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The increasing frequency and impact of supply chain disruptions exacerbate the socio-economic issues associated with the fluidity of transportation and trade. Canada's supply chains have been severely impacted by the COVID-19 pandemic and recent extreme weather events. The performance of supply chains is a direct and high-level concern for public authorities, companies and researchers. End-to-end supply chain bottlenecks create shortages, fuel inflation and undermine economic recovery. Transportation is a complex set of systems, as interprovincial trade and international trade, which are also a combination of different levels: resources, institutions, political risks, competitive advantages, comparative advantages, and so on. Therefore, they are often analyzed in their own context.
The goal of this Pole is to use the latest developments in data science to bridge the gap between trade, transportation and their economic and environmental impacts. This multidisciplinary research Pole will use new data science methodologies and tools to leverage trade and transportation data to support decision making in the face of major supply chain challenges (optimization, resilience visibility, climate challenges...) and to support public policy. This cluster will focus on the intermodal transportation and trade ecosystem within the Great Lakes/St. Lawrence Seaway trade corridor. The size and scope of this trade corridor is matched only by the complexity of its multimodal freight systems and the increasing urbanization on both sides of the Canada-U.S. border. This complexity is exacerbated by the lack of data interoperability and effective collaborations among the various stakeholders within and across jurisdictions.
This collaborative network ("hub") will provide stakeholders with a forum for structured dialogue, exchange of expertise, cooperation among key interdepartmental, intergovernmental, public, industry and research interlocutors, and a secure virtual and physical platform for knowledge sharing, skills and talent development.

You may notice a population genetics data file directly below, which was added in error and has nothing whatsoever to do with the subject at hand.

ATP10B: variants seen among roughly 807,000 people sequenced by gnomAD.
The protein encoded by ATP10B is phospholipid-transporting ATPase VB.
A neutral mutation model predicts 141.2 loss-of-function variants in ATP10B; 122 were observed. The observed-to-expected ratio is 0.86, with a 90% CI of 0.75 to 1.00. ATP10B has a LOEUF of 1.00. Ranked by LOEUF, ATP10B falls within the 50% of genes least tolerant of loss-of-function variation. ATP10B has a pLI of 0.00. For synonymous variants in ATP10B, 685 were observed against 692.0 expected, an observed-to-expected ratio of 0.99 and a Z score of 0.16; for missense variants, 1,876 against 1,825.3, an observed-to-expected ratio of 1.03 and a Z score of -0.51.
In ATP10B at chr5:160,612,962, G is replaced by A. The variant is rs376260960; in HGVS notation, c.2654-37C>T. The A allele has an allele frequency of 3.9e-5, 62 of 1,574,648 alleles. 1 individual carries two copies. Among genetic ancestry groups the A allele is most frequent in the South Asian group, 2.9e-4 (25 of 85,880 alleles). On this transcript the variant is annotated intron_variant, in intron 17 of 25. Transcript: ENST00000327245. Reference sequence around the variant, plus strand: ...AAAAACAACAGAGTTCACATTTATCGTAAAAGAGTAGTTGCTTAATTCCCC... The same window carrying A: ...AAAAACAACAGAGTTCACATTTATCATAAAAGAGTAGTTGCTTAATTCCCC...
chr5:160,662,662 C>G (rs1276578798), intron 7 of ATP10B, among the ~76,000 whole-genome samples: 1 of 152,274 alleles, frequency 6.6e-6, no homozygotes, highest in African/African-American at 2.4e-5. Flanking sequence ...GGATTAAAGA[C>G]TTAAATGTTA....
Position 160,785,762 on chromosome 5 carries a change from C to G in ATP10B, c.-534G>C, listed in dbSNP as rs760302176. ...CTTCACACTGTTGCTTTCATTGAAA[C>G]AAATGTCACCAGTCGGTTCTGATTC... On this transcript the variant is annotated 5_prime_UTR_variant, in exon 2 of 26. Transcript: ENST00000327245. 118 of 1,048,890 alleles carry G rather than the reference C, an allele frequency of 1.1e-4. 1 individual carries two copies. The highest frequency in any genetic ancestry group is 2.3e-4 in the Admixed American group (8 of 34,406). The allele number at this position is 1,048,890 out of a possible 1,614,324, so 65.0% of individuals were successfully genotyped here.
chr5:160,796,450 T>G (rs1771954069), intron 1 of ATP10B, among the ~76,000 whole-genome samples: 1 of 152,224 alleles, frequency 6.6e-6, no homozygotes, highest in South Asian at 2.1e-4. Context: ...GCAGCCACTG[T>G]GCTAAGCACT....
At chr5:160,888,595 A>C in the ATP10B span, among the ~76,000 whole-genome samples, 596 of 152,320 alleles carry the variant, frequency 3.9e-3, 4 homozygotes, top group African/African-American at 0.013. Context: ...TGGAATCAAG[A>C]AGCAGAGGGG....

The lead researcher of the Pole is Thierry Warin (HEC Montréal) professorship in pedagogical innovation in data science for international business. The researchers who will be involved in the Pole's activities are Florian Mayneris and Julien Martin (UQAM) for international trade, Ari Van Assche (HEC Montréal) for supply chains, Dalibor Stevanovic (UQAM) for modeling, Marcelin Joanis (Polytechnique Montréal) for infrastructure and public investment, Nathalie de Marcellis-Warin (Polytechnique Montréal) et Ingrid Peignier (CIRANO) for risk management and Martin Trépanier (Polytechnique Montréal, director of the Interuniversity Research Centre on Business Networks, Logistics and Transportation) for transportation.
This pole is intended to federate projects involving researchers from several of CIRANO's major themes. Several other CIRANO researchers from different universities and research fields will also participate in the Pole's research activities. Alain Dudoit, CIRANO Invited Fellow (expert in Public Policy) and Molivann Panot, Research Professional at CIRANO, will be involved in the Pole's activities and the development of partnerships.
The researchers collaborate with different public organizations and research centers as well as with private organizations. The mission of the Pole is to bring together researchers, public authorities and other stakeholders involved in the supply chains of the St. Lawrence-Great Lakes Basin Trade Corridor.
A CIRANO project report, published in December 2021 and based on numerous exchanges between researchers and various stakeholders, provides a cross-cutting and multidisciplinary analysis of the challenges and opportunities concerning the interoperability and sharing of transportation and trade data in relation to the intermodal transportation and data strategy of the St. Lawrence-Great Lakes Trade Corridor. These discussions led to the creation of this hub.